A tip for journalists from Wikipedia founder Jimmy Wales: Click on Wikipedia’s “Talk” tab for a highly-informed discussion of a particular topic or person. That part of Wikipedia, says Wales, features exchanges on points that “thoughtful Wikipedians aren’t sure of.”
Wales offered the advice in a 40-minute discussion this morning with Post reporters and editors. The Internet entrpreneur is in town for the Wikimania conference, which is being held at George Washington University.
Wales expressed satisfaction that his crowdsourced online encyclopedia has improved steadily as a reference for journalists over the years. “As a journalist, you should double-source everything,” said Wales, agreeing that we’ve “moved beyond the don’t-use-Wikipedia” phase. “When we’re doing our job well, we give you the references to dig deeper,” he said.
Wikipedia wants to dig not only deeper but wider, as well. The site, says Wales, has too much guy-based DNA, which is why Wikipedia is trying to attract more female editors. Asked to identify three areas in which the gender imbalance surfaces, Wales said it’s tough to break down the inconsistencies by topics. Yet he did say that, for example, coverage of prize-winning male authors is more robust than it is of comparable female authors. “The 26-year-old male computer geek isn’t reading female-written literature,” says Wales, referring to the Wikipedia demographic prototype.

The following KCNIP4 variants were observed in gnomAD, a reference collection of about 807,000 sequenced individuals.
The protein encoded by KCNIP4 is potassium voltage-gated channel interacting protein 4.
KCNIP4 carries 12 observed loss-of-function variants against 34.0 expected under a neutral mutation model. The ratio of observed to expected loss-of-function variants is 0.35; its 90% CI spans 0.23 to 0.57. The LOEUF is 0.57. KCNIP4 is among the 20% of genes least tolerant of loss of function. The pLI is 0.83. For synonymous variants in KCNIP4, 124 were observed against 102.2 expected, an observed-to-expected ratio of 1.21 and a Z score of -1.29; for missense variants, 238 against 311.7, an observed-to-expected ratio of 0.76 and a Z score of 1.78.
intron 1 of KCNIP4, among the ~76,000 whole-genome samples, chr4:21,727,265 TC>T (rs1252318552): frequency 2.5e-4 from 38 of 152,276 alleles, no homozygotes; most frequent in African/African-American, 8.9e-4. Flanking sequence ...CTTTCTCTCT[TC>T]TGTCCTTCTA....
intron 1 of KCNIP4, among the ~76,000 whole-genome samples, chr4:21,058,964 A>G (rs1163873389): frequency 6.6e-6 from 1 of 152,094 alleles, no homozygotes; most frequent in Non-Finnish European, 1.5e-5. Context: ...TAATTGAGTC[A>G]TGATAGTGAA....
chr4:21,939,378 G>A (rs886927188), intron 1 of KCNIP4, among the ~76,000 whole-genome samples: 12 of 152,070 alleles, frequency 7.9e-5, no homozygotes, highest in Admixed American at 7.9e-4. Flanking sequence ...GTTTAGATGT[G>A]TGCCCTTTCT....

Another example of the disparity, in Wales’s words: “Our coverage of scientific literature on childhood compared to [coverage of] the USB standard, which is incredible.”
No discussion of technology and journalism is complete without mentioning Twitter, which, according to Wales, hasn’t yet matured into a reliable source for Wikipedia entries. He said it would be “bizarre” for Wikipedia to use tweets as references. Blogs, he suggested, are in the same general referential territory.
*Wales is optimistic about the app model as a revenue stream for journalism. Apps, says Wales, enable impulse purchases.
*Wales dissed the efforts of newspapers to promulgate civility and community in their comments sections. But what about the new Gawker comments thing? “I don’t read Gawker,” Wales announced, adding that he had, indeed, read about the site’s much-discussed comments system.
*Wales pronounced himself satisfied with Facebook’s efforts to keep data private. “I use Facebook a lot, so I guess I must” be okay with its privacy protections.